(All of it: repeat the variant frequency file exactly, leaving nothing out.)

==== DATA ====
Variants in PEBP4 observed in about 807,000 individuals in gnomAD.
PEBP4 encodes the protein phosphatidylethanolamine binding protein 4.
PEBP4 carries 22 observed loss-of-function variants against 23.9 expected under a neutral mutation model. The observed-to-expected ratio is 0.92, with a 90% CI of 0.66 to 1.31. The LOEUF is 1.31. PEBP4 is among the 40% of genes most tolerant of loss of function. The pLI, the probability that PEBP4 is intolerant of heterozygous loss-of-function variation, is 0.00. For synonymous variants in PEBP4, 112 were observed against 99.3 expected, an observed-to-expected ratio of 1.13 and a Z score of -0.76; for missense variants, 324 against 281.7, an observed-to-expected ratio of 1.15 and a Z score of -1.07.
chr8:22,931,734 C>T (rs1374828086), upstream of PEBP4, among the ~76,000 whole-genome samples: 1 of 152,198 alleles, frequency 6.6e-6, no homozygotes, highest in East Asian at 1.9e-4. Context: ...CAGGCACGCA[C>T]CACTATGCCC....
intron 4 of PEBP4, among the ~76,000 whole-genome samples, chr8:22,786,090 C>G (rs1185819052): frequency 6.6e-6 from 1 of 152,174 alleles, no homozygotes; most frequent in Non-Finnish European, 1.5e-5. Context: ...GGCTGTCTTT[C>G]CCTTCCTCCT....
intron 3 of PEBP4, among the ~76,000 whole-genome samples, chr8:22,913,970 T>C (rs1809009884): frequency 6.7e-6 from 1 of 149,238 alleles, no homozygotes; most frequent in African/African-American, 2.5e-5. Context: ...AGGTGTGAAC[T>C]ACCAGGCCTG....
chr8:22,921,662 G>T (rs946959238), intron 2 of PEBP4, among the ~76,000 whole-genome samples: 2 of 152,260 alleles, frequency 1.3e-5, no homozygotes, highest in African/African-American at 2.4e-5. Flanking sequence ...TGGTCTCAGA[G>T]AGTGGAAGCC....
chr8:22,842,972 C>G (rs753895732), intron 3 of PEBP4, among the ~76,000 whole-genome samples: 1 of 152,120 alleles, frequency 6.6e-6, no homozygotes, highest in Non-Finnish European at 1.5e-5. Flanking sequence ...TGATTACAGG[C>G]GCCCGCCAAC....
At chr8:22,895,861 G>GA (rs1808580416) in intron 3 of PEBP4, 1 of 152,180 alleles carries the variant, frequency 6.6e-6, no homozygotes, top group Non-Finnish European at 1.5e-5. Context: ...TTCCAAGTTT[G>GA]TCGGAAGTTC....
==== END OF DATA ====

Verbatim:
Variants in PEBP4 observed in about 807,000 individuals in gnomAD.
PEBP4 encodes the protein phosphatidylethanolamine binding protein 4.
PEBP4 carries 22 observed loss-of-function variants against 23.9 expected under a neutral mutation model. The observed-to-expected ratio is 0.92, with a 90% CI of 0.66 to 1.31. The LOEUF is 1.31. PEBP4 is among the 40% of genes most tolerant of loss of function. The pLI, the probability that PEBP4 is intolerant of heterozygous loss-of-function variation, is 0.00. For synonymous variants in PEBP4, 112 were observed against 99.3 expected, an observed-to-expected ratio of 1.13 and a Z score of -0.76; for missense variants, 324 against 281.7, an observed-to-expected ratio of 1.15 and a Z score of -1.07.
chr8:22,931,734 C>T (rs1374828086), upstream of PEBP4, among the ~76,000 whole-genome samples: 1 of 152,198 alleles, frequency 6.6e-6, no homozygotes, highest in East Asian at 1.9e-4. Context: ...CAGGCACGCA[C>T]CACTATGCCC....
intron 4 of PEBP4, among the ~76,000 whole-genome samples, chr8:22,786,090 C>G (rs1185819052): frequency 6.6e-6 from 1 of 152,174 alleles, no homozygotes; most frequent in Non-Finnish European, 1.5e-5. Context: ...GGCTGTCTTT[C>G]CCTTCCTCCT....
intron 3 of PEBP4, among the ~76,000 whole-genome samples, chr8:22,913,970 T>C (rs1809009884): frequency 6.7e-6 from 1 of 149,238 alleles, no homozygotes; most frequent in African/African-American, 2.5e-5. Context: ...AGGTGTGAAC[T>C]ACCAGGCCTG....
chr8:22,921,662 G>T (rs946959238), intron 2 of PEBP4, among the ~76,000 whole-genome samples: 2 of 152,260 alleles, frequency 1.3e-5, no homozygotes, highest in African/African-American at 2.4e-5. Flanking sequence ...TGGTCTCAGA[G>T]AGTGGAAGCC....
chr8:22,842,972 C>G (rs753895732), intron 3 of PEBP4, among the ~76,000 whole-genome samples: 1 of 152,120 alleles, frequency 6.6e-6, no homozygotes, highest in Non-Finnish European at 1.5e-5. Flanking sequence ...TGATTACAGG[C>G]GCCCGCCAAC....
At chr8:22,895,861 G>GA (rs1808580416) in intron 3 of PEBP4, 1 of 152,180 alleles carries the variant, frequency 6.6e-6, no homozygotes, top group Non-Finnish European at 1.5e-5. Context: ...TTCCAAGTTT[G>GA]TCGGAAGTTC....